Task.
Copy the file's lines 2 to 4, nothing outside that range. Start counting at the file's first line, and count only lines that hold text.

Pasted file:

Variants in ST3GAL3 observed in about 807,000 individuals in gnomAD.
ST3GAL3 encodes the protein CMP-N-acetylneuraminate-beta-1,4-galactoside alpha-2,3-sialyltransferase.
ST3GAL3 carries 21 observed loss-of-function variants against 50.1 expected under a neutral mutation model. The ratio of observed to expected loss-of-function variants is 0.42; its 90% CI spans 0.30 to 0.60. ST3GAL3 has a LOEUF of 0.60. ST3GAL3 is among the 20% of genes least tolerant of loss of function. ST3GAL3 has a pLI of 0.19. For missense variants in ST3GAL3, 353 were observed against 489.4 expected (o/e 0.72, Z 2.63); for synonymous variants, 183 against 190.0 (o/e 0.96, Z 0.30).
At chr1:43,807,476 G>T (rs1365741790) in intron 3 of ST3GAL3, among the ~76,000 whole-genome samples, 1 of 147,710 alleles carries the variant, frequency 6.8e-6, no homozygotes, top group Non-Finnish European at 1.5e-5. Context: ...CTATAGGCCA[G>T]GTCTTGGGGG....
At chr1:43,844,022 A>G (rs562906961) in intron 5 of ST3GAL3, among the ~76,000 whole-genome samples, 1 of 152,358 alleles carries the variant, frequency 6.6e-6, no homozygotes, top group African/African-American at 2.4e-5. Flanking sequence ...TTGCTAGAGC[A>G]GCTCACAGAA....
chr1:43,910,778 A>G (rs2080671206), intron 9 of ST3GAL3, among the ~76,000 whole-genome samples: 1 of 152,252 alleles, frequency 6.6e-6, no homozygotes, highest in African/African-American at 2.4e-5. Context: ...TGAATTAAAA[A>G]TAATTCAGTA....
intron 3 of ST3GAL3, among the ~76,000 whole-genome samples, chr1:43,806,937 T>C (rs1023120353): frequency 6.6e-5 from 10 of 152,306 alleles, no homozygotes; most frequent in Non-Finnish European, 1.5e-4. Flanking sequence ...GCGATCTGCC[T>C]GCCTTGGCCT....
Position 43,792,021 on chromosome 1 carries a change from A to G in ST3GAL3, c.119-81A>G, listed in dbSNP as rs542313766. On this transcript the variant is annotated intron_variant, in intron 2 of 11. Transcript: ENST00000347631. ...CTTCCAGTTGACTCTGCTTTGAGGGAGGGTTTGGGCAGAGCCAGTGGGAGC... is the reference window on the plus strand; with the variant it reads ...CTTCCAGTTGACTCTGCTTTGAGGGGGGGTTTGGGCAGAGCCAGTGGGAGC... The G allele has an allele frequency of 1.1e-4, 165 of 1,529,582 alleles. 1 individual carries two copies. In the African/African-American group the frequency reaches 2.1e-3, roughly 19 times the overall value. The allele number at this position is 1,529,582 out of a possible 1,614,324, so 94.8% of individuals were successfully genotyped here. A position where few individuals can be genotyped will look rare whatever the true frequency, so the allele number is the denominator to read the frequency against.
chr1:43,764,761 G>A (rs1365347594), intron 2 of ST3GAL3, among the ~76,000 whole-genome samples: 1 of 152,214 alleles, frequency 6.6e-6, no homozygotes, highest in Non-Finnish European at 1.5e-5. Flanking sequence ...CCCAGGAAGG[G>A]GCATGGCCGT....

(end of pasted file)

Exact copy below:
ST3GAL3 encodes the protein CMP-N-acetylneuraminate-beta-1,4-galactoside alpha-2,3-sialyltransferase.
ST3GAL3 carries 21 observed loss-of-function variants against 50.1 expected under a neutral mutation model. The ratio of observed to expected loss-of-function variants is 0.42; its 90% CI spans 0.30 to 0.60. ST3GAL3 has a LOEUF of 0.60. ST3GAL3 is among the 20% of genes least tolerant of loss of function. ST3GAL3 has a pLI of 0.19. For missense variants in ST3GAL3, 353 were observed against 489.4 expected (o/e 0.72, Z 2.63); for synonymous variants, 183 against 190.0 (o/e 0.96, Z 0.30).
At chr1:43,807,476 G>T (rs1365741790) in intron 3 of ST3GAL3, among the ~76,000 whole-genome samples, 1 of 147,710 alleles carries the variant, frequency 6.8e-6, no homozygotes, top group Non-Finnish European at 1.5e-5. Context: ...CTATAGGCCA[G>T]GTCTTGGGGG....